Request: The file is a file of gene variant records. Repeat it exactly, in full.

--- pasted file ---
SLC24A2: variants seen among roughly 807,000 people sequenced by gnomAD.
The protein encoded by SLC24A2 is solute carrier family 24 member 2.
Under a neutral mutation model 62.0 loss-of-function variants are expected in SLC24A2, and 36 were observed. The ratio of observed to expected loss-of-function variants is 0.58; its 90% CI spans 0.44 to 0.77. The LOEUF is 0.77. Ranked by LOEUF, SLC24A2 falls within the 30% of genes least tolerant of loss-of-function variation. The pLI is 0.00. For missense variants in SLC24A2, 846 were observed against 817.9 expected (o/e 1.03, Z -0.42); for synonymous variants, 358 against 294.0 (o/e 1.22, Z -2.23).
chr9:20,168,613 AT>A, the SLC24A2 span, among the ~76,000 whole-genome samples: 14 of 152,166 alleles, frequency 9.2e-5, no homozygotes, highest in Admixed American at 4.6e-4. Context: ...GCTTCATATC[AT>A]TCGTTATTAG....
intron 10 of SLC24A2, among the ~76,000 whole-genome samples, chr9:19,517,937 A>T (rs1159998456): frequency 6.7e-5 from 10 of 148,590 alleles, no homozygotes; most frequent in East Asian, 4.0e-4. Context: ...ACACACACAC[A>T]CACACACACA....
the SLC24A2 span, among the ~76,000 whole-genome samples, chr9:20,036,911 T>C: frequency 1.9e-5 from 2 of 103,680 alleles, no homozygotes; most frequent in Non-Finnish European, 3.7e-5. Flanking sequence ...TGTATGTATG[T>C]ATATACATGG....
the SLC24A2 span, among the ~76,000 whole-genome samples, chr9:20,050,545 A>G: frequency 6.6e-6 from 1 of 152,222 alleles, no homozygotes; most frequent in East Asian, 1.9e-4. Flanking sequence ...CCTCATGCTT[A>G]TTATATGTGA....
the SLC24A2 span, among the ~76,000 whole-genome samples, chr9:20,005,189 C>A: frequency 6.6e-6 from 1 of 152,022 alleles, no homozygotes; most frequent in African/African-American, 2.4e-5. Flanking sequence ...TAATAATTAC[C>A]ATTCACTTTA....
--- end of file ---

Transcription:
SLC24A2: variants seen among roughly 807,000 people sequenced by gnomAD.
The protein encoded by SLC24A2 is solute carrier family 24 member 2.
Under a neutral mutation model 62.0 loss-of-function variants are expected in SLC24A2, and 36 were observed. The ratio of observed to expected loss-of-function variants is 0.58; its 90% CI spans 0.44 to 0.77. The LOEUF is 0.77. Ranked by LOEUF, SLC24A2 falls within the 30% of genes least tolerant of loss-of-function variation. The pLI is 0.00. For missense variants in SLC24A2, 846 were observed against 817.9 expected (o/e 1.03, Z -0.42); for synonymous variants, 358 against 294.0 (o/e 1.22, Z -2.23).
chr9:20,168,613 AT>A, the SLC24A2 span, among the ~76,000 whole-genome samples: 14 of 152,166 alleles, frequency 9.2e-5, no homozygotes, highest in Admixed American at 4.6e-4. Context: ...GCTTCATATC[AT>A]TCGTTATTAG....
intron 10 of SLC24A2, among the ~76,000 whole-genome samples, chr9:19,517,937 A>T (rs1159998456): frequency 6.7e-5 from 10 of 148,590 alleles, no homozygotes; most frequent in East Asian, 4.0e-4. Context: ...ACACACACAC[A>T]CACACACACA....
the SLC24A2 span, among the ~76,000 whole-genome samples, chr9:20,036,911 T>C: frequency 1.9e-5 from 2 of 103,680 alleles, no homozygotes; most frequent in Non-Finnish European, 3.7e-5. Flanking sequence ...TGTATGTATG[T>C]ATATACATGG....
the SLC24A2 span, among the ~76,000 whole-genome samples, chr9:20,050,545 A>G: frequency 6.6e-6 from 1 of 152,222 alleles, no homozygotes; most frequent in East Asian, 1.9e-4. Flanking sequence ...CCTCATGCTT[A>G]TTATATGTGA....
the SLC24A2 span, among the ~76,000 whole-genome samples, chr9:20,005,189 C>A: frequency 6.6e-6 from 1 of 152,022 alleles, no homozygotes; most frequent in African/African-American, 2.4e-5. Flanking sequence ...TAATAATTAC[C>A]ATTCACTTTA....